“The mind has in itself a natural power of dreaming and can build fantastic images of what it desires in those who do not apprehensively pay attention.”
— St Gregory of Sinai, fourteenth century.
Hesychasm’s answer to this problem is the in-depth study and cultivation of attention, which goes by a number of names within the tradition:
“Some have called attention the safe keeping of the mind, others the guarding of the heart, yet others sobriety, yet others mental silence.” — Nicephorus the Solitary, fourteenth century.
“Some of the Fathers call this doing silence of the heart, others call it attention, yet others sobriety and opposition to thoughts, while others call it examining thoughts and guarding the mind.” — St Simeon the New Theologian, tenth century.
“Wealth is brought to the soul from the daily practice of attention.” — Hesychius of Jerusalem, fifth century.
One example of the practice of attention will be very familiar to practitioners of East Asian traditions:
“Bring the mind from its customary circling and wandering outside and quietly lead it into the heart by way of breathing.” — The Monks Callistos and Ignatius, fourteenth century.
Within the Philokalia, much is said about the ‘passions’, which may be broadly understood as the emotions. Here is an example of the close psychological analysis that makes up some of the most piercing hesychast writing:
“First comes impact (contact, action when a thing thrown hits the thing at which it is thrown): then comes coupling (joining together: attention is fettered to the object so that there exists only the soul and the object which has impinged on it and occupied it); next comes merging together (the object which has impinged upon the soul and occupied attention has provoked desire — and the soul has consented to it — has merged with it); then comes captivity (the object has captured the soul which desired it and is leading it to action like a fettered slave); finally comes repetition (repeated gratification of the same desire) and by habit.” — Philotheus of Sinai, ninth or tenth century.
Just as Daoism takes a negative view of the emotions, referring to them as the ‘five thieves’ (wuzei). So hesychasm speaks about them in terms as follows:
“Passions are like dogs, accustomed to lick the blood in a butcher’s shop; when they are not given their usual meal they stand and bark.” — St Isaac of Syria, sixth century.
As for dealing with the passions, precise instruction is given:
“The basic method to resist passions is to plunge deep into the inner man and remain there in seclusion, constantly tending the vineyard of one’s heart.” — St Isaac of Syria, sixth century.
“Our mind is volatile, unless it is tied to some meditation it never stops wandering.” — St Gregory of Sinai, fourteenth century.
“The first passionlessness is refraining from evil actions; the second is totally renouncing all thoughts of mental consent to evil; the third is utter stillness of passionate desire; the fourth is complete purification from even the barest and simplest images.” — St Maximus the Confessor, seventh century.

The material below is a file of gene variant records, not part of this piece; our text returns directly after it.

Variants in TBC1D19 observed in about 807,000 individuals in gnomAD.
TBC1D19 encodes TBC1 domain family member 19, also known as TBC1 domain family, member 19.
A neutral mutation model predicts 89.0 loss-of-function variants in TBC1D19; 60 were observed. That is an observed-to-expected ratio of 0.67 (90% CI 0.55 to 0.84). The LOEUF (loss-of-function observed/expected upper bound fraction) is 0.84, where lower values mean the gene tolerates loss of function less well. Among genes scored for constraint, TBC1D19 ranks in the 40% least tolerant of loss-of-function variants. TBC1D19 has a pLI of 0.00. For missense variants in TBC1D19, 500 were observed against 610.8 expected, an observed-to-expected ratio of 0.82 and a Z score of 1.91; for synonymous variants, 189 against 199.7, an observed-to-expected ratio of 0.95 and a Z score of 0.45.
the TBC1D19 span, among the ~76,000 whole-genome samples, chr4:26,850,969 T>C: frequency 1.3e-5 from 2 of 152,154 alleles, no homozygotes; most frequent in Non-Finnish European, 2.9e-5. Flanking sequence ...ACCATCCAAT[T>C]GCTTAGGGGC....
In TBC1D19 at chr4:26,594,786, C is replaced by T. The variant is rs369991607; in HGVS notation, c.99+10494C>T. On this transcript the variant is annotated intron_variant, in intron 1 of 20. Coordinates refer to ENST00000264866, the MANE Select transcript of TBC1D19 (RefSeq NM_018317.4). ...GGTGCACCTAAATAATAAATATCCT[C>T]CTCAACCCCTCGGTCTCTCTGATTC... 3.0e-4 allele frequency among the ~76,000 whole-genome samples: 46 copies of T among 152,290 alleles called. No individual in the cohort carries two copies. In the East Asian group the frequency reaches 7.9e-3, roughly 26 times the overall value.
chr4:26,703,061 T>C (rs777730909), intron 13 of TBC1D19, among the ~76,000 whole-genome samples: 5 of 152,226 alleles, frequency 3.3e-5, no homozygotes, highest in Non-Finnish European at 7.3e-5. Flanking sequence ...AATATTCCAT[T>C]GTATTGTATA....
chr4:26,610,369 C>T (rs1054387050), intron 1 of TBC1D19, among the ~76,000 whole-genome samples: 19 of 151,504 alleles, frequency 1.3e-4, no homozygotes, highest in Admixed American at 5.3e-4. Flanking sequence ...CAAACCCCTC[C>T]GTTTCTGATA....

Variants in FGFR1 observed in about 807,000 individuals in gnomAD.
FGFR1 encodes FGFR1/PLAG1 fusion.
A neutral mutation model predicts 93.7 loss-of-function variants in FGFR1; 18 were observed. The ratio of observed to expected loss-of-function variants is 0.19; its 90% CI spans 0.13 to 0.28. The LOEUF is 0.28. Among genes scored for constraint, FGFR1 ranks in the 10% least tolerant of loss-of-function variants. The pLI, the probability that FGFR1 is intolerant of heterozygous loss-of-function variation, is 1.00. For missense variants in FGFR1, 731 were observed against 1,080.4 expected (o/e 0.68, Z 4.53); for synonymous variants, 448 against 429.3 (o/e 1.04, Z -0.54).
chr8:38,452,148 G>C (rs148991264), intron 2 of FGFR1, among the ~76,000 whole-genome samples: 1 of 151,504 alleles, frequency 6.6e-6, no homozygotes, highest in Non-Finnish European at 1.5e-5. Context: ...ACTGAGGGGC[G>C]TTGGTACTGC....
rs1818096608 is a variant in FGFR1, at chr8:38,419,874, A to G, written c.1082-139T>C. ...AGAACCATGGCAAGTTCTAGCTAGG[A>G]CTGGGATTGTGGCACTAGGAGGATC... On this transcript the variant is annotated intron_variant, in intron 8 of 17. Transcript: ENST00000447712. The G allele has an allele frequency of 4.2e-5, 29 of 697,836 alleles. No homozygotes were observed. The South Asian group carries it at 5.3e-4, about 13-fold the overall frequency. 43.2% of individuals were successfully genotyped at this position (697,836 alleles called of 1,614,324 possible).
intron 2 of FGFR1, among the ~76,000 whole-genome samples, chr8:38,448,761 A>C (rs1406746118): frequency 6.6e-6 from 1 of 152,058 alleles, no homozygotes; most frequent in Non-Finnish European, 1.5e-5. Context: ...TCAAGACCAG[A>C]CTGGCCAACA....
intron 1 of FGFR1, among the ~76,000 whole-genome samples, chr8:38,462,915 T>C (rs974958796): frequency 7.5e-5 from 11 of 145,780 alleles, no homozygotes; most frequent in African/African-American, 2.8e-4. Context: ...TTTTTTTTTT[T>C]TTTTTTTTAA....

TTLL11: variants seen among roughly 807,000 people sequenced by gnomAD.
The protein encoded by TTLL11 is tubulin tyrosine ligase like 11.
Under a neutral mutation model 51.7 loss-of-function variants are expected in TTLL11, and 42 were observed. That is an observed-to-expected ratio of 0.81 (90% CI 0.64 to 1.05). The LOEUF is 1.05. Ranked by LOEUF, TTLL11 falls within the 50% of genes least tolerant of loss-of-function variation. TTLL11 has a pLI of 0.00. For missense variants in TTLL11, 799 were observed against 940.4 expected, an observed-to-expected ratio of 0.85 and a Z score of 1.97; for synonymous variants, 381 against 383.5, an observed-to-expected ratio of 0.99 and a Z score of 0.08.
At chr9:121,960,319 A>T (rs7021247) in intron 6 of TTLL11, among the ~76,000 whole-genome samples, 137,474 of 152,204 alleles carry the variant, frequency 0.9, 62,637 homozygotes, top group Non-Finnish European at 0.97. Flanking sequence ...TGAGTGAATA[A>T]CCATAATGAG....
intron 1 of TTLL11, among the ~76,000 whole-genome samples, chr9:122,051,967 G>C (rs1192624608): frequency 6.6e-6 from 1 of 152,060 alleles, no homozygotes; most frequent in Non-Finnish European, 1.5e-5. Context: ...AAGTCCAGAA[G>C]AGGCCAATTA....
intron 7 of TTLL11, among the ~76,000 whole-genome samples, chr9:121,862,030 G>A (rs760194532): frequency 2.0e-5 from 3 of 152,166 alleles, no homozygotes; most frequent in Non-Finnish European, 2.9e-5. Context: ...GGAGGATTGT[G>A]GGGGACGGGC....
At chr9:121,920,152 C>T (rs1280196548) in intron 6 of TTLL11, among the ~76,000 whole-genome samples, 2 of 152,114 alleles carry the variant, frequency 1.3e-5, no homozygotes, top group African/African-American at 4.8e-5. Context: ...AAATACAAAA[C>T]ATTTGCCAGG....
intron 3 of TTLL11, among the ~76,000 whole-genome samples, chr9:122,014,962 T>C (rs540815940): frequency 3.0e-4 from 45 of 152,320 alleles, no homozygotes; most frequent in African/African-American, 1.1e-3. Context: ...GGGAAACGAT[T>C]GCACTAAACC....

Passing through such trials, the path of inner cultivation finally bears fruit. In the words of one present-day Orthodox monk:
“When the mind descends into the heart, centres in God and circulates around God (the angels have a circular movement around God), our own life then becomes a circulating of God in the midst and a circulation of the light, the uncreated light, which then heals the fixations and knots within us so that we begin to open up into light.”
It is perhaps in this aspect of hesychast practice, the analysis of mental dissipation and confusion, the overcoming of passions and the cultivation of attention that hesychasm most closely parallels East Asian traditions. In reading these quotes I often found myself thinking that, if one simply changed a number of terms, they could pass comfortably for passages written by a great Buddhist or Daoist master, speaking about the way in which to develop oneself through the practice of meditation.
Why Do These Similarities Exist?
During the research and writing of this article, I constantly found myself wondering why such strong similarities exist between traditions that are often believed to be so different, and which historically developed in isolation from one another.
The reason I would give is that, most simply — once a certain amount of internal awareness has been established, it is not difficult to observe the potential for elevation and transcendence within oneself, and also to see that progress in this direction is hindered by a variety of fetters. Moreover, it seems to be the case that practically all spiritual practitioners develop an awareness, dim yet palpable, of something absolute sitting behind the realm of constant transformation. It’s from these tangible, universal foundations that traditions appear, yet differences arise due to the variety of ways in which these basic facts can be worked with, as well as the environment and cultures in which traditions take root. Nevertheless, because human nature is universal, we also find a number of core similarities in the practice of all authentic paths.
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Great research! I bought The Philokalia volume One. I was planning to go to Mt Athos, considered a sacred mountain I think is very similar concept to sacred mountains of Daoism in China, places that enhance cultivation and where to find realized people to support it. I've read several stories about how in Mt Athos there were very advanced beings that basically could do all sorts of miracles, some even told to be couple of hundred years old. One modern saint that was living there is Saint Paisios of which there are some videos and books available, he also adviced often about The Heart Prayer and doing good deeds, saying that this world is like an illusion and we must work for the true reality.
Thanks for a fascinating article. The similarity between hesychasm and Sufism is striking, though should not be surprising given the historical and geographical proximity (and of course the parallels between Sufism and Daoism have been well researched though little publicised).